Paddling like mad, the attack continues!

Paddling like mad, the attack continues!

“I think I hear my wife calling,” says Mr. Swan. He slowly circles the nesting geese one final time. “But I’ll be back. Don’t think this is over. It won’t be over until you are gone from this pond.”

I shall return!

I shall return!

And it the end, the Canada geese gave up and moved to a different part of the river. It’s hard to figure why they bother to fight since there is so much water around. There is more than enough room for both of them and all the other waterfowl, too.

Be at peace, larger feathered friends.

THE BEST BOOK I’VE READ ABOUT CANCER – FICTION FOR REAL LIFE – Marilyn Armstrong

Anyone who had cancer, no matter how many years have passed, knows you are never “cured.” The best anyone can say is “so far, so good.” Cancer isn’t one disease nor is there a test to tell you whether or not your body is free of cancer cells.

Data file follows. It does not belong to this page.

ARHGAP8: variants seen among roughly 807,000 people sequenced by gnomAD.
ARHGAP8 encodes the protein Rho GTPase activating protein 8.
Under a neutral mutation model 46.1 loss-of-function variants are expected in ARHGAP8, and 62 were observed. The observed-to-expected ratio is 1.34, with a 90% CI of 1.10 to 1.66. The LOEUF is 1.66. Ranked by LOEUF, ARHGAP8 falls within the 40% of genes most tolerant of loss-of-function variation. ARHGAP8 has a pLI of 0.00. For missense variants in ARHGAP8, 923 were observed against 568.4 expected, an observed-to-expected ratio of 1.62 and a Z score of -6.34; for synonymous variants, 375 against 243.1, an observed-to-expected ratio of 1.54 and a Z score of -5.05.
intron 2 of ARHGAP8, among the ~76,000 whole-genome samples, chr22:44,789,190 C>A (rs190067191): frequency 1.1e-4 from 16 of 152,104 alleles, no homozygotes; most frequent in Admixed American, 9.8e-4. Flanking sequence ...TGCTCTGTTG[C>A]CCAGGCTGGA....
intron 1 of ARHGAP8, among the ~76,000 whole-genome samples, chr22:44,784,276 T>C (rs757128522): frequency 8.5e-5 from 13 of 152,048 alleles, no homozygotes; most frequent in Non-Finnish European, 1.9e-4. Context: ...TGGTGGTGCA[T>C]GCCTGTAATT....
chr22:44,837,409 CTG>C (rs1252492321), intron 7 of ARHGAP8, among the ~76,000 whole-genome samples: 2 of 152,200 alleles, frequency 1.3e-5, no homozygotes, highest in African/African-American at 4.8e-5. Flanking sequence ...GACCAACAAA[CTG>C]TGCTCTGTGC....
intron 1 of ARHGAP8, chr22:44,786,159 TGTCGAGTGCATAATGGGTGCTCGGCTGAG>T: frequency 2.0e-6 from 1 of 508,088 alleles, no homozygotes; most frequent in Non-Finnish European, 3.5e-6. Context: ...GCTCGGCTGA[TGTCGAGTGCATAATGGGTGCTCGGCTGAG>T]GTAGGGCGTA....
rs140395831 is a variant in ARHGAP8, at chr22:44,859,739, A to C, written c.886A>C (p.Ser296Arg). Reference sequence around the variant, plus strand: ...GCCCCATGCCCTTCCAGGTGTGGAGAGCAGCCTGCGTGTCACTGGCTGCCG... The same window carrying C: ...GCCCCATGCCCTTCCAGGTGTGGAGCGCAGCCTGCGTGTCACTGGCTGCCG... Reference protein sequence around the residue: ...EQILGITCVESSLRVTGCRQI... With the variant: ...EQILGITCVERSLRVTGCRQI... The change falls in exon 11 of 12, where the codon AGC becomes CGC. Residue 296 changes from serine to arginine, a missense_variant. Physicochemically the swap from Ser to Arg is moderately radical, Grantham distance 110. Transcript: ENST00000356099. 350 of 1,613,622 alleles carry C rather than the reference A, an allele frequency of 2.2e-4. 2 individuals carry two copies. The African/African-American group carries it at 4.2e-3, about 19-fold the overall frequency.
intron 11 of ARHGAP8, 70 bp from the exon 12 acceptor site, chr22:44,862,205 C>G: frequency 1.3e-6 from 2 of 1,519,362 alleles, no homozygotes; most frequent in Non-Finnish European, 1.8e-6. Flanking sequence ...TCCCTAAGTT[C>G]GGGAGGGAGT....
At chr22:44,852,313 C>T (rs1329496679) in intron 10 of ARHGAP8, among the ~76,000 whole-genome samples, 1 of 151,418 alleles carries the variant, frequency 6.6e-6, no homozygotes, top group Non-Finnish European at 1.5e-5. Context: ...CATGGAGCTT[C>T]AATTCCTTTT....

As this life crisis was ongoing, I did a lot of reading. Most of the books were escapist and rather lackluster, but one is worth mentioning. It spoke to me. It is not a book about cancer. It’s fiction and more about getting through life crises and the strange ways we deal with them.

Life and Other Near-Death Experiences: A Novel by Camille Pagan grabbed me from the first page and kept me engaged to the end of the book. I wished it had gone on a little longer, to find out the end of the story — if there is an end.

This is surprising. I usually avoid books that remind me of difficult times I’ve been through. I gravitate towards books that take me to other worlds and other realities.